But despite the good news, the fight is (very, very) far from over. Stay tuned for Conduit Street for updates and be in touch with your county stories.

Carroll Police Seek Better Protections Against Strong Opioids

The Carroll County’s local law enforcement agencies are partnering with the county’s department of public safety to equip officers with better masks and gloves as they increasingly face extremely potent opioids, such as carfentanil and fentanyl, when responding to overdose calls.

The Carroll County Times reports:

Deputies with the Carroll County Sheriff’s Office already have heavy-duty gas masks that they use in riot situations, Sheriff Jim DeWees said. But the masks are bulky and hard to put on while trying to respond to a call, he said.

Instead, the deputies and other law enforcement will be equipped with N95 masks.

The Department of Public Safety is working to make sure every sworn officer in the county is given the appropriate protection, said Doug Brown, emergency management coordinator.

The N95 masks are smaller face protection that have a better filtering system than a typical dust mask a person might use when doing construction in their home.

“You have to breathe a little harder to get air through the N95 mask because the filtering is better,” Brown said.

Fire companies are already equipped with the masks and the proper equipment, Brown said.

Read The Carroll County Times to learn more.

Laguna Beach Cries ‘Self Defense’ With Drone Ban

Drone operators in Laguna Beach will no longer be allowed to fly their remote-controlled aircraft over city parks near beaches or over city government buildings, beginning July 13.

The Orange County Register reports,

Laguna Beach City Council members on Tuesday, May 23, unanimously approved an ordinance that they say strikes a balance between the rights of drone operators and the rights of the community to privacy and safety.

The ordinance prohibits the operation of a drone in a way that harasses or intimidates people whether they are on public or private property.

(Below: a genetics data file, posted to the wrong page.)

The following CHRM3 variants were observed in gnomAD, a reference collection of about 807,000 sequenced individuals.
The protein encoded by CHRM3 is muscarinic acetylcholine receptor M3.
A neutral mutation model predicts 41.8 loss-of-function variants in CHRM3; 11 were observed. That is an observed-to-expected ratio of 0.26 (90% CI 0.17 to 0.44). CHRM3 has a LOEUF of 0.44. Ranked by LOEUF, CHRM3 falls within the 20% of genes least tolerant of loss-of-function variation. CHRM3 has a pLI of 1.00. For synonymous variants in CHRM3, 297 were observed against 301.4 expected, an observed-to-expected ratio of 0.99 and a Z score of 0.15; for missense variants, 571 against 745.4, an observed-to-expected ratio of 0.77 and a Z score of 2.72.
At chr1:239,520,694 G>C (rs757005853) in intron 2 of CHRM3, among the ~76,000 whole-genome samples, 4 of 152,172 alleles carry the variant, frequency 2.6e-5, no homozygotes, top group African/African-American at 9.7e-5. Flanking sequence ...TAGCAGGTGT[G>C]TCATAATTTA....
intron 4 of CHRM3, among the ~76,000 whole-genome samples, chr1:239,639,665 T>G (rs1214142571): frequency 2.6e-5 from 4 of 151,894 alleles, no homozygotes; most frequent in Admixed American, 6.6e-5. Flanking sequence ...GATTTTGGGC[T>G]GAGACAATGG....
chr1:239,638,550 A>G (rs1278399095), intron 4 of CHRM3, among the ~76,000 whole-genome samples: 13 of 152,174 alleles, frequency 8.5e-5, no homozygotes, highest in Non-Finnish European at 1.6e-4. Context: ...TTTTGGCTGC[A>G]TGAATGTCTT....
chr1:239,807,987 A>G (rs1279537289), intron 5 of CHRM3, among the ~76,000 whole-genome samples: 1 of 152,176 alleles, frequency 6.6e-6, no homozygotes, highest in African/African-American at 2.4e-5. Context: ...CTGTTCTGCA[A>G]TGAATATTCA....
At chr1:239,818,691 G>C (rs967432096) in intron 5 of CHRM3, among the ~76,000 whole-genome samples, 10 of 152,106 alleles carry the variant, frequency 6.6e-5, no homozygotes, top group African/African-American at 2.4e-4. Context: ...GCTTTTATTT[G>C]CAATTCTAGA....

They also cannot be flown over City Hall, the lifeguard headquarters or over the police or fire department stations. They can also not hover over the city’s maintenance yard.

Drones are forbidden to interfere with emergency responders or impede a parade or motorcade, the ordinance states. Real estate agents and media photographers will be required to get permits before they can fly them, according to the ordinance.

“The ordinance allows for safe and responsible usage of drones within the city boundaries in most areas but prohibits drone usage in areas where risk to the public is greatest,” Laguna Beach Police Chief Laura Farinella said, adding she has received many complaints in the past three years. Some have come in on 911 calls.

Resident Brad Allen told the council that drones hover near his house, which is close to Victoria Beach, daily.

“When I bought the house, it had privacy unless there was a helicopter hovering nearby,” he said. “I have an outdoor shower and drones hover close by. I’ve opened the curtains to my bedroom and there’s a drone 20 feet away. I think we are taking the right steps, I don’t know where this will go in the future.”

Drone-flying is still allowed over private property and over the ocean, but harassment of marine wildlife will not be tolerated, Farinella said.

Councilman Rob Zur Schmiede suggested the council revisit whether a person could disarm a drone that came within 20 feet of them.

“I agree; it’s self-defense,” said Councilman Steve Dicterow.

The Federal Aviation Administration requires that commercial operators obtain a pilot’s license and keep the drones in their sightlines. Drones are allowed to fly no higher than 400 feet off the ground during daylight hours.

Legislation enacted in 2015 made Maryland one of only three states to grant the state government exclusive power to regulate drone usage, preempting municipalities and counties from enacting their own ordinances. MACo opposed this legislation as a preemption of county authority and was able to secure an amendment to assess the need for new laws or local tools after three years of industry maturation.

MACo, along with the Maryland State Police, are among the stakeholders charged with evaluating any safety or security problems arising from drone use as the industry expands in the years ahead. The stakeholder group will report its findings to the governor in 2018.

Useful Links

Previous Conduit Street Coverage: Appeals Court Strikes Down Drone Regulation Law

Previous Conduit Street Coverage: Drones Must be Registered Under New Federal Rule

Previous Conduit Street Coverage: General Assembly Passes Drone Bill With Study Amendment

Previous Conduit Street Coverage: To Detect, Deter, & Stop Unsafe Drone Use